To expand into the US market Delta 9 has shepherded the establishment of Grow Pod operations in Michigan, Maine, and Montana, sharpening its expertise and appetite for the growing cannabis market in the US.

“Following federal legalization in the US, we’d be looking to vertically integrate into U.S. growth markets that allow it,” says Arbuthnot. “That model has paid huge dividends for us in Canada and we believe it will continue to do so south of the border.”

Indeed, Delta 9 is currently looking back on a year of record-breaking revenue growth across its three key market segments. Its retail sector has been growing 100% year-over-year, in turn driving the distribution of Delta 9’s consumer branded products.

“We’ve also had growth across wholesale and business-to-business sales of 20-30%,” Arbuthnot says. “We’re seeing growth across our varying businesses as well as broader exposure to consumers.”

Delta 9 Growth Strategy

Delta 9 has utilised a number of strategies to ensure it stays competitive.

“For us, the focus is on the wholesale side of the business as we position ourselves as a low-cost producer. We have been automating key processes over the last few years to drive down the cost per gram of production down to $0.65 / gram,” Arbuthnot says.

Meanwhile, on the retail side of the business Delta 9 is already a price leader and that has allowed the company to drive huge volumes of product to the consumer. Across the retail chain, Delta 9 has been seeing revenue of $10 million-plus per quarter.

Meanwhile, on the business-to-business side Delta 9 has been diversifying its offering into the “picks and shovels” side of the industry, through selling growing equipment for cultivation.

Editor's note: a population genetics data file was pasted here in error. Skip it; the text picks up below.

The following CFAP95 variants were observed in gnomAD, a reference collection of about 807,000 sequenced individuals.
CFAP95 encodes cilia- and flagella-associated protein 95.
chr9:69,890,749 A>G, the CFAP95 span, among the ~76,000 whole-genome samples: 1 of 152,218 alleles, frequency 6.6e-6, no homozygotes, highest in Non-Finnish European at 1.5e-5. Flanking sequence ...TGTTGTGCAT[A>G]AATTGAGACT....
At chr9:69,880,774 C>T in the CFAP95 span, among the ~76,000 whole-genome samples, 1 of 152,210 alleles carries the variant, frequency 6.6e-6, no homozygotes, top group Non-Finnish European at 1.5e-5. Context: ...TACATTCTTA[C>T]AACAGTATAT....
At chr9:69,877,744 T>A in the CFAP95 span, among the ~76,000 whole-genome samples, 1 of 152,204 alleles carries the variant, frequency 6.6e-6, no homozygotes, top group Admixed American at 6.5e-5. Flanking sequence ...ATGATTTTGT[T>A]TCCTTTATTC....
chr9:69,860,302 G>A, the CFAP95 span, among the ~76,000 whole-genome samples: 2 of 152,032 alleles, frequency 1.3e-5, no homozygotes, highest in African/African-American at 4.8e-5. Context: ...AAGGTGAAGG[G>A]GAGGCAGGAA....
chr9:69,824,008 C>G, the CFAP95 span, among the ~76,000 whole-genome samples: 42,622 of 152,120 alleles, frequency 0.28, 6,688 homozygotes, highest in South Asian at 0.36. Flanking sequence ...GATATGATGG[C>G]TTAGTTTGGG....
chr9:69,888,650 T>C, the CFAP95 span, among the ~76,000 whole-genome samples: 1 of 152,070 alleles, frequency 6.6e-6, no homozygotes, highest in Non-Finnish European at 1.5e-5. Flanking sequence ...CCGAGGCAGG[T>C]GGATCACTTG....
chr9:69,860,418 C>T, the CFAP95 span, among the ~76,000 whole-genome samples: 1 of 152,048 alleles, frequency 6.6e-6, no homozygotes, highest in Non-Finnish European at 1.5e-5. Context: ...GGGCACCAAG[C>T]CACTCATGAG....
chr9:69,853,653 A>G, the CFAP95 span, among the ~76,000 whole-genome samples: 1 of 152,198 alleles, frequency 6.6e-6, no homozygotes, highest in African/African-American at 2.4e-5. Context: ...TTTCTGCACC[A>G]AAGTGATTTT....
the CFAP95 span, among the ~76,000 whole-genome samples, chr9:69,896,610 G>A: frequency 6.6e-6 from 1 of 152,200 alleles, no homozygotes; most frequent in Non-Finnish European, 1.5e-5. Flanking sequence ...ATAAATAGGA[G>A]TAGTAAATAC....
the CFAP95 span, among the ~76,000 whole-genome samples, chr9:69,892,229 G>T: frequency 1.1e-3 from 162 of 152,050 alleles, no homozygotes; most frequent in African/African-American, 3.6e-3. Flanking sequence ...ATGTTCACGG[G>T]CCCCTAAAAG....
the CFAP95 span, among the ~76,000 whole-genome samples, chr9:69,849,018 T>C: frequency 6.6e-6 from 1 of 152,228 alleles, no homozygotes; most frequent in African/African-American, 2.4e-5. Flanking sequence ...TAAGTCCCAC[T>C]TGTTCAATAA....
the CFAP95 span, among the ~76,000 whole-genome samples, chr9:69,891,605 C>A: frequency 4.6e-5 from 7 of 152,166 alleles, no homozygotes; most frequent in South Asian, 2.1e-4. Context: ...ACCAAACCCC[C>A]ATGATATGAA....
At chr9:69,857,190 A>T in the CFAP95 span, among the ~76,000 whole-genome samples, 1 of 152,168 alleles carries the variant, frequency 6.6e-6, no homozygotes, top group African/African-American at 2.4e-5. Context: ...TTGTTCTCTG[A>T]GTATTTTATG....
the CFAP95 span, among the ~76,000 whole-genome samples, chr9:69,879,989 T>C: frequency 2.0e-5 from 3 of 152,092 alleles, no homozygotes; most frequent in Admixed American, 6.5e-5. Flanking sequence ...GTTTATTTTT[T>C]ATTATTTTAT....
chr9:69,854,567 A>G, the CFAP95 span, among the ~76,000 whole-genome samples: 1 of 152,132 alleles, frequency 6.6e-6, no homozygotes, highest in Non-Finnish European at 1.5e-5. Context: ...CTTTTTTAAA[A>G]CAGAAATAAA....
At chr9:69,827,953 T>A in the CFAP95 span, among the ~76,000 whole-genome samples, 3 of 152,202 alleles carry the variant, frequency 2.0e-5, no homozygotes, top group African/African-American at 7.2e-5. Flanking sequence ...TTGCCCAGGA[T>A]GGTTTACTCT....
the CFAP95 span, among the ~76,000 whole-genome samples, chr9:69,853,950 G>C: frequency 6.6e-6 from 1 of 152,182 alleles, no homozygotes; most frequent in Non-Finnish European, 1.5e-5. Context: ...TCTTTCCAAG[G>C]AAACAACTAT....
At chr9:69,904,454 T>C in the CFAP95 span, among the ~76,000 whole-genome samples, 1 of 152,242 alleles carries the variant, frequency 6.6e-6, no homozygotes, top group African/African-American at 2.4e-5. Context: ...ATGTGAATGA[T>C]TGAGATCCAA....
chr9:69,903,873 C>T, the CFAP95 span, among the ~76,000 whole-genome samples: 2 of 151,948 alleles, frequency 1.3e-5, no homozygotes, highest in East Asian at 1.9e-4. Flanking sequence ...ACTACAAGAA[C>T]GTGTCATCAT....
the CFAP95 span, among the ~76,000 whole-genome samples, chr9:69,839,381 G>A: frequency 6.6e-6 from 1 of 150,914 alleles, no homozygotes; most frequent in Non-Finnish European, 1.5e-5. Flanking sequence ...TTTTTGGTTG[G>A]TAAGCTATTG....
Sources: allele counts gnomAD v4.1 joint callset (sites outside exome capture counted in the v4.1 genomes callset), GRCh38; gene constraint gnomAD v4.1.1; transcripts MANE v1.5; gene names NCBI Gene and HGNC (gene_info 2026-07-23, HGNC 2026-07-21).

“We’ve been successful based on that broader diversified strategy,” Arbuthnot said.

Another key differentiator for Delta 9 is its people, and the rapidly growing industry has seen a huge influx of talent.

“The cannabis industry in North America has been able to attract talent. It is exciting, it’s a growth industry, and that growth trajectory is attractive,” Arbuthnot says. “We’ve been able to pull staff from retail, finance, any applicable sector. It’s not uncommon to list a job and get many hundreds of applications. Being a public entity also lets us look at stock options to round off the opportunity for our employees. We’ve grown from 25 full-time employees to 375 now.”

Looking forward, even now Arbuthnot believes there are opportunities to continue growing the market in Canada, while legalisation elsewhere will open up even more markets.

“There’s a good opportunity to continue to grow in the Canadian marketplace expanding distribution through retail, drawing out dozens of stores in the next four years,” Arbuthnot says. “We’re seeing markets like the Americas, Europe, the UK, liberalising and reforming laws around medical and recreational use crisis. We see Canada as the model for what other companies have been looking for. We have a business platform that can be put into any jurisdiction around the world and be successful, to position for international growth and exposure as laws are reformed.”

More like this